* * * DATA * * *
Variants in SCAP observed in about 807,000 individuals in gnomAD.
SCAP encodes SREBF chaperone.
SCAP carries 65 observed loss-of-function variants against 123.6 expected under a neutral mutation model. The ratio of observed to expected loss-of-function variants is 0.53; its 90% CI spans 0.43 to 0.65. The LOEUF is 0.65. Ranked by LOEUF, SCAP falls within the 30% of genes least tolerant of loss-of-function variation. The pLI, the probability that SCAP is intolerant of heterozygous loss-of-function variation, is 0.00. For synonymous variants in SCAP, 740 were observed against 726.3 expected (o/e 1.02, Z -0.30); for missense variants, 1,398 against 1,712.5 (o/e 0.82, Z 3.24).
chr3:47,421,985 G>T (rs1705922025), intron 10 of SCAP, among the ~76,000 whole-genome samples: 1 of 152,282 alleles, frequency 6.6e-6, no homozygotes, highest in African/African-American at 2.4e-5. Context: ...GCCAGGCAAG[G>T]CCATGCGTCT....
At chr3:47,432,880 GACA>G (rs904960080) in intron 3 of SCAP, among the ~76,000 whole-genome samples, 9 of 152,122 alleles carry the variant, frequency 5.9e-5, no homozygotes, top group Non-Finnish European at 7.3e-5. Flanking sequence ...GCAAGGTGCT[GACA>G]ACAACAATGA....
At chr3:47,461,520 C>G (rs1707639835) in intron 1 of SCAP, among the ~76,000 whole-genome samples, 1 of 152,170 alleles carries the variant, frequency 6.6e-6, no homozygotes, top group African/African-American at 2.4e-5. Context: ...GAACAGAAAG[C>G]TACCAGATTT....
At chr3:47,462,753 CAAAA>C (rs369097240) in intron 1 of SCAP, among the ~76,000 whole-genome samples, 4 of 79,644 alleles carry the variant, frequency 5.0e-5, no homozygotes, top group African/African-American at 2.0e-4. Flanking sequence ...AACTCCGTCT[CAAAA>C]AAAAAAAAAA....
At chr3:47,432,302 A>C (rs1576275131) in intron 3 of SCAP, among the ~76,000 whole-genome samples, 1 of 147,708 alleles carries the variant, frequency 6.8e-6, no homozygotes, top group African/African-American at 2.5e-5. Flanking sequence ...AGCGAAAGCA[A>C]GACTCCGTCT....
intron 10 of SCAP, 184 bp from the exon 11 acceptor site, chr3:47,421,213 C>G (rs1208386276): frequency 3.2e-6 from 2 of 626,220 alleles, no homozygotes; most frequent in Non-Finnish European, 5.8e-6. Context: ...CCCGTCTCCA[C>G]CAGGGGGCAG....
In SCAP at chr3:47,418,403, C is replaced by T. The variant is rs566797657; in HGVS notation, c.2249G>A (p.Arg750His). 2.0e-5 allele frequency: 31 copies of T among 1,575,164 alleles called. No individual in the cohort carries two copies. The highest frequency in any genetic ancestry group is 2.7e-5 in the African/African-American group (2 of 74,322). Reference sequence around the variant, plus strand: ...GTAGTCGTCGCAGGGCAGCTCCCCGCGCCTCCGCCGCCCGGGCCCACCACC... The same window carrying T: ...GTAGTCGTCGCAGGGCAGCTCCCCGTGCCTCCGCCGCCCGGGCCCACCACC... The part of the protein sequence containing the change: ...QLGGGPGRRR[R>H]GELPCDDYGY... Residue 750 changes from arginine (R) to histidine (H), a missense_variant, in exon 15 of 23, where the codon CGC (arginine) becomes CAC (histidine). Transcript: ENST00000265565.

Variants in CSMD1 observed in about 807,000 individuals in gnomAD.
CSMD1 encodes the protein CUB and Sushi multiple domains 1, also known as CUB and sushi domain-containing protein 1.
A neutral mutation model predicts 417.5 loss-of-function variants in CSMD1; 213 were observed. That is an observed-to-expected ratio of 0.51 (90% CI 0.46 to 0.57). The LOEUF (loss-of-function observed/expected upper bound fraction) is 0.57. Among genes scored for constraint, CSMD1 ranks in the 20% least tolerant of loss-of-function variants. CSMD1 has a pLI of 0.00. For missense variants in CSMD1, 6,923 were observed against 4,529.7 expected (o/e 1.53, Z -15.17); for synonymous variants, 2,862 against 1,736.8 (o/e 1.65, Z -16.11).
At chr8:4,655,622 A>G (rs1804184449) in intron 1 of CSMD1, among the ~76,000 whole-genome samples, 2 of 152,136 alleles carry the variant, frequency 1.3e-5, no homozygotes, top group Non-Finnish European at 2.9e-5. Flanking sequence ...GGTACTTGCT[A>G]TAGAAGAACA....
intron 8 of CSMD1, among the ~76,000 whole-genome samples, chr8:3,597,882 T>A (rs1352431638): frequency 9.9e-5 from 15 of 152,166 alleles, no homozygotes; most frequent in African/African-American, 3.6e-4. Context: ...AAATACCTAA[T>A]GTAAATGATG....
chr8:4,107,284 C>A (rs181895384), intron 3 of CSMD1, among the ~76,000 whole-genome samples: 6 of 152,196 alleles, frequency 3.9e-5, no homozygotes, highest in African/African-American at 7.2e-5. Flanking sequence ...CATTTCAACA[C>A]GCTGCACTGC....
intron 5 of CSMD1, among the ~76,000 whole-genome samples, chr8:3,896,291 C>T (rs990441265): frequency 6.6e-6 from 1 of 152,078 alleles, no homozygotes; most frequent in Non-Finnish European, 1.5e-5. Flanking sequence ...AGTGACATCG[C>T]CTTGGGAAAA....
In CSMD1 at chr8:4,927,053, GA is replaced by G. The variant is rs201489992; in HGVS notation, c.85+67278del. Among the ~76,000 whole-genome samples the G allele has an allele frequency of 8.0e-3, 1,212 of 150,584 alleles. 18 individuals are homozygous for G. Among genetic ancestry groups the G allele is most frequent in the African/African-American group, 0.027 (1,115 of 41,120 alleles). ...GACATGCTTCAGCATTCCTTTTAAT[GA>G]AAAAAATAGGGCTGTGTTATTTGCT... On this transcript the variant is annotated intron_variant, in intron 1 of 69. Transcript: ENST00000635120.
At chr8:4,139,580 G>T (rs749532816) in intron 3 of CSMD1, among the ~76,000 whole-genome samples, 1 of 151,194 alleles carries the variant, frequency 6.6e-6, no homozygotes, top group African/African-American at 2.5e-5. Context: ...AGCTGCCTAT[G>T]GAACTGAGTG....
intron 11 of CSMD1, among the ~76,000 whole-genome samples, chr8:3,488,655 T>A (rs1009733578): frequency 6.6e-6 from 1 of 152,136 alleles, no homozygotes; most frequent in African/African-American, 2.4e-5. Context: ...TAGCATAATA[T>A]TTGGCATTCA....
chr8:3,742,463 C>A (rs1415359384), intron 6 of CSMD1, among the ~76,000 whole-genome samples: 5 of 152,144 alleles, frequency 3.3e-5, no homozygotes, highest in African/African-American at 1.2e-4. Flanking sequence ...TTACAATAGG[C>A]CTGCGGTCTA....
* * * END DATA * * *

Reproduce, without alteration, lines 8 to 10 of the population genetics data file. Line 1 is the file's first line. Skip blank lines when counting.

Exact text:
At chr3:47,432,302 A>C (rs1576275131) in intron 3 of SCAP, among the ~76,000 whole-genome samples, 1 of 147,708 alleles carries the variant, frequency 6.8e-6, no homozygotes, top group African/African-American at 2.5e-5. Flanking sequence ...AGCGAAAGCA[A>C]GACTCCGTCT....
intron 10 of SCAP, 184 bp from the exon 11 acceptor site, chr3:47,421,213 C>G (rs1208386276): frequency 3.2e-6 from 2 of 626,220 alleles, no homozygotes; most frequent in Non-Finnish European, 5.8e-6. Context: ...CCCGTCTCCA[C>G]CAGGGGGCAG....
In SCAP at chr3:47,418,403, C is replaced by T. The variant is rs566797657; in HGVS notation, c.2249G>A (p.Arg750His). 2.0e-5 allele frequency: 31 copies of T among 1,575,164 alleles called. No individual in the cohort carries two copies. The highest frequency in any genetic ancestry group is 2.7e-5 in the African/African-American group (2 of 74,322). Reference sequence around the variant, plus strand: ...GTAGTCGTCGCAGGGCAGCTCCCCGCGCCTCCGCCGCCCGGGCCCACCACC... The same window carrying T: ...GTAGTCGTCGCAGGGCAGCTCCCCGTGCCTCCGCCGCCCGGGCCCACCACC... The part of the protein sequence containing the change: ...QLGGGPGRRR[R>H]GELPCDDYGY... Residue 750 changes from arginine (R) to histidine (H), a missense_variant, in exon 15 of 23, where the codon CGC (arginine) becomes CAC (histidine). Transcript: ENST00000265565.